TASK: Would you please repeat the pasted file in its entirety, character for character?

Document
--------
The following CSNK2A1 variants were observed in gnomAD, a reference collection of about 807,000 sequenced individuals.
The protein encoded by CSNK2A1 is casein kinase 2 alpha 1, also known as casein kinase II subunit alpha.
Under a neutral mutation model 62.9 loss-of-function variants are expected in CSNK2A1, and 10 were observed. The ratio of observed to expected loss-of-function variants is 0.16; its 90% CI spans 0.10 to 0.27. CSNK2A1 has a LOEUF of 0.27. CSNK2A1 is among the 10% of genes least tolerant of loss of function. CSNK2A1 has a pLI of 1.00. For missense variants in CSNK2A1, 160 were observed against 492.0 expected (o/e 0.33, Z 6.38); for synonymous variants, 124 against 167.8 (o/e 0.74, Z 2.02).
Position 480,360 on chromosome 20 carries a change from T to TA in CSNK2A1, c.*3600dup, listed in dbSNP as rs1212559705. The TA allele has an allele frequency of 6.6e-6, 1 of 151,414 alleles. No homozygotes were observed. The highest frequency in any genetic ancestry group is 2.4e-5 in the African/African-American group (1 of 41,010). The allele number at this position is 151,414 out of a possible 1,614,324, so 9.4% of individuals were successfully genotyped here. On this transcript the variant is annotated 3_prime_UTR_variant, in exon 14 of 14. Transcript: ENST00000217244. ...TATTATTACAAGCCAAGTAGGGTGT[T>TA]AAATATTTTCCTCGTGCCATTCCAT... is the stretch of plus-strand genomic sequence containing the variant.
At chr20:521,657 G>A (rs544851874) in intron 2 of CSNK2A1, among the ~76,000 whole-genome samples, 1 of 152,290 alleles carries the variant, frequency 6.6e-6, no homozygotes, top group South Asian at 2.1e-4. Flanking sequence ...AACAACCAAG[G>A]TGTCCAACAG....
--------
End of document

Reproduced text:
The following CSNK2A1 variants were observed in gnomAD, a reference collection of about 807,000 sequenced individuals.
The protein encoded by CSNK2A1 is casein kinase 2 alpha 1, also known as casein kinase II subunit alpha.
Under a neutral mutation model 62.9 loss-of-function variants are expected in CSNK2A1, and 10 were observed. The ratio of observed to expected loss-of-function variants is 0.16; its 90% CI spans 0.10 to 0.27. CSNK2A1 has a LOEUF of 0.27. CSNK2A1 is among the 10% of genes least tolerant of loss of function. CSNK2A1 has a pLI of 1.00. For missense variants in CSNK2A1, 160 were observed against 492.0 expected (o/e 0.33, Z 6.38); for synonymous variants, 124 against 167.8 (o/e 0.74, Z 2.02).
Position 480,360 on chromosome 20 carries a change from T to TA in CSNK2A1, c.*3600dup, listed in dbSNP as rs1212559705. The TA allele has an allele frequency of 6.6e-6, 1 of 151,414 alleles. No homozygotes were observed. The highest frequency in any genetic ancestry group is 2.4e-5 in the African/African-American group (1 of 41,010). The allele number at this position is 151,414 out of a possible 1,614,324, so 9.4% of individuals were successfully genotyped here. On this transcript the variant is annotated 3_prime_UTR_variant, in exon 14 of 14. Transcript: ENST00000217244. ...TATTATTACAAGCCAAGTAGGGTGT[T>TA]AAATATTTTCCTCGTGCCATTCCAT... is the stretch of plus-strand genomic sequence containing the variant.
At chr20:521,657 G>A (rs544851874) in intron 2 of CSNK2A1, among the ~76,000 whole-genome samples, 1 of 152,290 alleles carries the variant, frequency 6.6e-6, no homozygotes, top group South Asian at 2.1e-4. Flanking sequence ...AACAACCAAG[G>A]TGTCCAACAG....